The Welsh Government faces criticism for paying £52 million for Cardiff Airport. Rival Bristol Airport suggests it's a high price to pay.
A 'Severnside Airport' would replace Cardiff and Bristol airports.
MEP Kay Swinburne is attacking proposals by the Welsh Government to buy Cardiff Airport. She's raised the matter in the European Parliament.
Cardiff Airport's chief executive Jon Horne has described airline Flybe's decision to drop its Glasgow and Paris routes from the airport as 'unfortunate'.
– Jon Horne, Chief Executive of Cardiff Airport
We are already in discussion with a number of airlines regarding the opportunity to pick up the Glasgow and Paris routes, which currently handle 46,000 and 29,000 passengers respectively per annum. Our focus is on securing an alternative carrier as soon as possible in order to avoid any break in service.
Mr Horne added that Flybe has just added four new destinations from Cardiff Airport, adding: "We will continue to work closely with Flybe and explore with them other route opportunities from Cardiff as their restructuring process continues."
The airline Flybe has announced it is withdrawing its Paris and Glasgow routes from Cardiff Airport from January.
It follows several months of bad press for the airport, which was bought by the Welsh Government earlier this year in a bid to reverse its fortunes.
Paul Simmons, Flybe's Chief Commercial Officer, said: "We have taken a long hard look at all the routes we fly from Cardiff to make sure they are what our customers really want and that they operate at the best possible times for everyone."
The airline said it will still operate its planned schedule to the two destinations to accommodate those travelling for the Six Nations’ matches in February.
It added passengers affected are being contacted and offered, where possible, an alternative Flybe flight or full refund.
Cardiff Airport had to suspend flights for part of this afternoon after an aircraft bust a tyre on landing.
The plane was an Aer Lingus aircraft from Dublin. 37 passengers were safely evacuated and other flights were diverted.
Services are now said to be returning to normal
Airline Flybe is due to announce today four new routes to fly from Cardiff Airport this winter.
The low-cost carrier currently operates flights from Cardiff to 16 destinations, in the UK, Ireland, the Channel Islands and continental Europe.
Details of the new routes will be available later.
Flybe announced it was reviewing its UK operations earlier in the year, with jobs cuts, but said operations at Cardiff would be unaffected.
The airline says today's announcement reflects its "commitment to expanding further its operations to and from the Welsh capital."
The Welsh Government announced bought Cardiff Airport in March, and pledged to turn it around after falling passenger numbers in recent years.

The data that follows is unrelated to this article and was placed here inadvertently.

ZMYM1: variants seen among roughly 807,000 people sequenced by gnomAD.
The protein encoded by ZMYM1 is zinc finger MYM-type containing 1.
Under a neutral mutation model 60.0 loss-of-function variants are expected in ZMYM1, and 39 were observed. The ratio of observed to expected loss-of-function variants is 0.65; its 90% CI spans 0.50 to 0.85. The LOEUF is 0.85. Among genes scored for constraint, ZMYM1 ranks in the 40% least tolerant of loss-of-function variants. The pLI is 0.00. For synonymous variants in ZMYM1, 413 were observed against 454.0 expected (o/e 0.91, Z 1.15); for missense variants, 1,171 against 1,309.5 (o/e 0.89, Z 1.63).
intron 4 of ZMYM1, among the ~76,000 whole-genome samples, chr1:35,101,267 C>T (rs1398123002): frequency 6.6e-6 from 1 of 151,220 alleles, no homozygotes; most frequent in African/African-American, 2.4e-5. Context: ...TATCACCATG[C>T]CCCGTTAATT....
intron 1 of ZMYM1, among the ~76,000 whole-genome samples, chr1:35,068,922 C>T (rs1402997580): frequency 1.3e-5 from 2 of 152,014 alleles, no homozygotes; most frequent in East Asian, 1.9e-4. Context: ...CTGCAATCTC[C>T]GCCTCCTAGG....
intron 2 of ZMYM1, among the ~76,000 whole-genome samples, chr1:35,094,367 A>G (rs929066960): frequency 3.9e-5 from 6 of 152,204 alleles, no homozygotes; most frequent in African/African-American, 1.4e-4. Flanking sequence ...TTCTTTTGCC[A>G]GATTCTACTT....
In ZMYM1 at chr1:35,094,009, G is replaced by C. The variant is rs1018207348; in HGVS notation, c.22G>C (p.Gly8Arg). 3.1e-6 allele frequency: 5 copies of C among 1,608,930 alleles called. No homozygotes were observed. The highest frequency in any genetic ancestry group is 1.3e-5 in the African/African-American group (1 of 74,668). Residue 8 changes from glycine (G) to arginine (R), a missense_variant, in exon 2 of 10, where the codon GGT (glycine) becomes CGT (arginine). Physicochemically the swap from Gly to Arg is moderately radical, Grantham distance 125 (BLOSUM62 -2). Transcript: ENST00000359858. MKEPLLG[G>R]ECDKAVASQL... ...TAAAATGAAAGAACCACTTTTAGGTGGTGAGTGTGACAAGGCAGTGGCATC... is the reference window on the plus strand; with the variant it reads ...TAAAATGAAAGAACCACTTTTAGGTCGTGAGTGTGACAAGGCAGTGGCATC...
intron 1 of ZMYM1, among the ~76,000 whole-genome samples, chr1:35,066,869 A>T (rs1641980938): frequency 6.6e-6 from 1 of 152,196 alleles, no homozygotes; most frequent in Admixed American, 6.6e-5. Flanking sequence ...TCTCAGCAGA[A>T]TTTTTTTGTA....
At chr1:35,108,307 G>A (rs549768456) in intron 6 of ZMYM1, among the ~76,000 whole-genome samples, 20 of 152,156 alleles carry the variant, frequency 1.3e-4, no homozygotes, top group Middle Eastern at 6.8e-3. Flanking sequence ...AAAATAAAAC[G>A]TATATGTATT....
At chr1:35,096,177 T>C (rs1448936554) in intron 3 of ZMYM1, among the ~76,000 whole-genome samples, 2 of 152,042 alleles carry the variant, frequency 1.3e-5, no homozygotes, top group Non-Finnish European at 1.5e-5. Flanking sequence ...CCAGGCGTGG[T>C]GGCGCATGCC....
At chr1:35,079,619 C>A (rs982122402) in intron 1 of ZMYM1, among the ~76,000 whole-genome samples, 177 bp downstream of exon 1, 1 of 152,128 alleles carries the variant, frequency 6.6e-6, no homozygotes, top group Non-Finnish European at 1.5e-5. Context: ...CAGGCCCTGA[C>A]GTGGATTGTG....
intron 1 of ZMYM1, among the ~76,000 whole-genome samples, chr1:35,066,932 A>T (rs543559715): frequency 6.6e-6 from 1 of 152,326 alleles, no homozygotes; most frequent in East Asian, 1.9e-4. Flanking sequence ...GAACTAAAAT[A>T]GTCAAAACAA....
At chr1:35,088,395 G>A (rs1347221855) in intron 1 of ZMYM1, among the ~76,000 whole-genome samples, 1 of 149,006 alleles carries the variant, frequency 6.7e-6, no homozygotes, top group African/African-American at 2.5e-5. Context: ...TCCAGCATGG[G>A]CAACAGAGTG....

Flight BE1431 from Glasgow was due at 08:30 but is now expected at 11:45.
A spokesman for George Best Belfast City airport said the emergency response was triggered as a "precautionary measure".
Flybe confirmed the incident, saying all passengers would be resuming their journey on a replacement aircraft.
– Flybe spokesman
Flybe can confirm that flight BE281 en route to Cardiff this morning returned to George Best Belfast City Airport shortly after take off due to a technical fault. As a precaution and in line with standard procedures the emergency services were alerted. The aircraft landed normally and the 64 passengers and 4 crew disembarked safely and without incident. They will be resuming their journey shortly on a replacement aircraft.
A Cardiff-bound plane has returned to Belfast City airport this morning due to a technical fault.
The Flybe flight landed at around 8am shortly after taking off. All 64 passengers and four crew members disembarked safely.
There was some disruption at the east Belfast facility during the incident. A replacement plane is due to take the passengers on to Cardiff later.
Tourism businesses across Wales are hoping for a bumper weekend as the last Bank Holiday of the summer gets underway.
Hotels and campsites in many of the more popular areas are sold out, and 20,000 people are also planning to fly out of Cardiff Airport.
Passenger numbers at Cardiff Airport grew by 6% in July 2013 compared to the same time last year, according to figures released by the Civil Aviation Authority.
It follows a 9% growth in May and 10% growth in June, averaging 8.3% growth over the three months.
Airlines Vueling, Air Malta, and Aer Lingus showed the strongest growth.
The airport's chief executive Jon Horne said it was 'really positive news'.
– Jon Horne, Chief Executive of Cardiff Airport
It is great to see passenger numbers growing once again. It is a relatively small start, but we are confident there is a trend established and the beginning of our strategy to win back those passengers that have been lost to Bristol and other airports in England.
The challenge for us is straightforward. If we bring back the choice of flights, people will choose Cardiff again and this is what is happening.
The struggling airport was purchased by the Welsh Government for £52m earlier this year.
The Airport Commission has received a formal proposal to build an international airport in the Severn Estuary, near Caldicot.
If given the go-ahead, it would cost an estimated £5bn and take seven years to build.
The commission will consider 40 proposals for UK airports - including one for a revamped Cardiff Airport - over the next few months.